The music in the documentary is very sad. There are a lot of long shots of locations of important events that took place. The combination of these things after hearing deeply reflective and poignant recounts is haunting. There is plenty of time to sit in what was said and imagine the horrifying things that took place. Definitely the type of movie that makes one reflect on the world and appreciate the time we live in today. Hopefully, this doc will help be a time-capsule where people recognize the impact that something like this has, not only on the victims and the world, but it’s something they have to live with for the rest of their lives.
Final Account is certainly a bleak affair. Nobody likes reexperienceing one of the greatest human tragedies, but this documentary does a lot of teaching and offers a lot of reflection about what’s wrong with people and the world. This movie has a limited theatrical release, but will more likely be seen by children in schools during history class.
Final Account hits theaters on May 21.
Reviewed by Adam Donato
Horror director Alexandre Aja returns to direct a feature for Netflix called Oxygen. Melanie Laurent stars as a woman who is stuck in a health pod and has to discover why she’s there. The film is spoken in French but dubbed in English for American audiences. Oxygen provides an at-home alternative this weekend with three wide release films coming to theaters but may find some competition on Netflix as The Mitchells Vs. The Machines came out recently and Army of the Dead releases next week. Does Oxygen stand out in its own genre enough to stand out on streaming this week?
Many films show the main character trapped in a small space trying to use their smarts to make their way out. The thing that makes Oxygen feel fresh is the futuristic setting. Liz, played by Laurent, is encased in some kind of futuristic chamber. She is “accompanied” by an OS system, M.I.L.O. voiced by Mathieu Amalric, who Liz talks to so she can try to contact the outside world. Without the memory of how she got there, Liz struggles with reality as the oxygen levels continue to decrease. This struggle puts a necessary clock on the conflict. As her oxygen gets lower, the tension rises. Simultaneously, Liz experiences all the stages of grief as she is haunted by her past life and the people that she seems to have lost.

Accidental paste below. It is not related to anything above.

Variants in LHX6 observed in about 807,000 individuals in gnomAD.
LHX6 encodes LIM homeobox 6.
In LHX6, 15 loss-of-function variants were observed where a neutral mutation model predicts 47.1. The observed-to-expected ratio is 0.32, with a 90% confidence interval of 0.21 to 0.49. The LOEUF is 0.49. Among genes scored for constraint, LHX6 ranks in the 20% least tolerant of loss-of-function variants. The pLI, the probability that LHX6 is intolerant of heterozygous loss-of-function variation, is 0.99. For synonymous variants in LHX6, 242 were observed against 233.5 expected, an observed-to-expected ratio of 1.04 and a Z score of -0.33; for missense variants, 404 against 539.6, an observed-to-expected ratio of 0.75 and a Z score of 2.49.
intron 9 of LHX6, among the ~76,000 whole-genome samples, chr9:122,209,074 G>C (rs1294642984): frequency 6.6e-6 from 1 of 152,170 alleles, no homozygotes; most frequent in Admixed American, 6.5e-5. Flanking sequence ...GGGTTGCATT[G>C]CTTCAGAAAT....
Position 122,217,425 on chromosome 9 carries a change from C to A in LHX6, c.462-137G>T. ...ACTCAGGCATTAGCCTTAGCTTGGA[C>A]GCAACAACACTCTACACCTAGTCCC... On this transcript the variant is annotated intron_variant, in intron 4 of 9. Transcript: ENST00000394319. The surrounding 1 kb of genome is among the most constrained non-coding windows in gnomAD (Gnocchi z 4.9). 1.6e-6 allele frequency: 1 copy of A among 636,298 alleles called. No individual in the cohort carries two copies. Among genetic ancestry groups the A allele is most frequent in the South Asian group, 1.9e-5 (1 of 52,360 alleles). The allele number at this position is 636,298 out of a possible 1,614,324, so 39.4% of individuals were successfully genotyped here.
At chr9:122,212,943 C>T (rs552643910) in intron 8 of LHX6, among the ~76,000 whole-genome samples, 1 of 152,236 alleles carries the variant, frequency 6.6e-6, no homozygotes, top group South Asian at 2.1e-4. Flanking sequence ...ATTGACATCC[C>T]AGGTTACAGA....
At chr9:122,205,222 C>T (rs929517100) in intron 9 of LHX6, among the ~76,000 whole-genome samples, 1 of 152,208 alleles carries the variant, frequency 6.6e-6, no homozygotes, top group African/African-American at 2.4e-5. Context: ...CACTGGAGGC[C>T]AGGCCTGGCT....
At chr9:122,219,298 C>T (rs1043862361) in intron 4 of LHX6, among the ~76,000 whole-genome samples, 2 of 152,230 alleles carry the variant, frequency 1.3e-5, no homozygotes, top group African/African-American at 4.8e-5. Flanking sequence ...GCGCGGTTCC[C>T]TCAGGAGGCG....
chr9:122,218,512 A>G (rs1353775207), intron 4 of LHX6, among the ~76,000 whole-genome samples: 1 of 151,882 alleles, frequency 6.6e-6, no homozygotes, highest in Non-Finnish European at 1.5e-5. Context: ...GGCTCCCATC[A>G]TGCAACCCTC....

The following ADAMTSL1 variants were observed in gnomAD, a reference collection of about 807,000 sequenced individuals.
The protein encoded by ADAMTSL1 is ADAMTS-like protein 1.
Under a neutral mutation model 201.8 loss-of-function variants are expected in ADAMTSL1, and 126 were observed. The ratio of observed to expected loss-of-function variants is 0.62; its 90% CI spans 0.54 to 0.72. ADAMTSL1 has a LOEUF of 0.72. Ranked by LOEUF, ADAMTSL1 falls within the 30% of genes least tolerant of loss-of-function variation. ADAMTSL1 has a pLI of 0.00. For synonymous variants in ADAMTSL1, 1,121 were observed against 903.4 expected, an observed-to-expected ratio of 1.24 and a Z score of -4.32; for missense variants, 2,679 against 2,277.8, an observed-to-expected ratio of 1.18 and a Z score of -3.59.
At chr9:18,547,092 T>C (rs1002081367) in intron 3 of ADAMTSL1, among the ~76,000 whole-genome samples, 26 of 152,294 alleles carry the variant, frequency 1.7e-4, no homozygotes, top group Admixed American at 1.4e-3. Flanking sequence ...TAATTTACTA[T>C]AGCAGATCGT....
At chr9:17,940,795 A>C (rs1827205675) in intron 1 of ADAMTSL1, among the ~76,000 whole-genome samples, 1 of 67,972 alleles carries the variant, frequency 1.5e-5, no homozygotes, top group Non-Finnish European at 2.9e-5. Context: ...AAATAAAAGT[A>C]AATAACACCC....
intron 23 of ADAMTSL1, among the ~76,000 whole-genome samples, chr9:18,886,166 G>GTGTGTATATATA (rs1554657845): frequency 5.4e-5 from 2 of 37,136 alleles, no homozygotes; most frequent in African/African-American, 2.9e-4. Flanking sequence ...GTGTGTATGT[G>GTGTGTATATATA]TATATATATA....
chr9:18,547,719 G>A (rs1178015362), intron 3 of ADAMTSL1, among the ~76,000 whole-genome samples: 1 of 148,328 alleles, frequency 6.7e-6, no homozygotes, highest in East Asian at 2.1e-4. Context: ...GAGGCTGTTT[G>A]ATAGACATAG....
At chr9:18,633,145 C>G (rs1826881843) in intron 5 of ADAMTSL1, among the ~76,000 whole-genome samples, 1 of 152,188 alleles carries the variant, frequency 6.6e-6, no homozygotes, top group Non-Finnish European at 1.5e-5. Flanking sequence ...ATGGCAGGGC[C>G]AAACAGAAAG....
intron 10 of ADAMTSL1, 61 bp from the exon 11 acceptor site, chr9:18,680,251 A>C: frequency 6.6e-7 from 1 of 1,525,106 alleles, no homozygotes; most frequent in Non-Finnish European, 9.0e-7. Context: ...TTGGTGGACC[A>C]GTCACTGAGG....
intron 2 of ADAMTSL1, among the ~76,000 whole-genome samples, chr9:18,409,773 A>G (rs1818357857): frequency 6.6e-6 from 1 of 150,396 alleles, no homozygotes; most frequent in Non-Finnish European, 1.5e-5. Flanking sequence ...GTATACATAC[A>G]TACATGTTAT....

A movie like this is only as good as its lead and Laurent does a terrific job. Her terror and sadness are both authentic. It’s hard to not feel for this seemingly innocent woman. Watching her use her cleverness to put the pieces of the puzzle together and her resilience to make it through is endearing. It’s already known that she can lead a movie, but it will be nice moving forward for her to get more widespread notoriety as the average film fan may only recognize her from Inglorious Basterds. She certainly carries the entire movie in Oxygen.
The science-fiction aspect of the movie is compelling. It’s funny to hear the excuses the story comes up with to keep her in the box. Apparently, breaking open the box is a federal offense, which is funny because who cares at that point. There are definitely a few good twists and turns in the movie as the science fiction aspect of the movie starts out extremely vague. Anybody who is not good with rats should certainly avoid the movie as they are a prominent feature as Liz has flashbacks of doing testing on lab rats and is haunted by them.
Certainly an entertaining new addition to Netflix’s now extensive film catalog. Oxygen does a great job of making a familiar concept feel new. The movie is headlined by a great lead performance from Laurent. Make sure to fit this one into your streaming schedule for an interesting science fiction movie.
Oxygen hits Netflix on May 12.
Reviewed by Adam Donato
Jason Statham stars as Jason Statham in Guy Ritchie’s newest feature, Wrath of Man. This time, Statham works as a driver of vans carrying ludicrous amounts of money that are often targeted for robbery. Filled with plenty of cheesy “tough guy” dialogue and generic action scenes, Ritchie is back doing what he always does. At least it’s not a bad live-action Disney remake.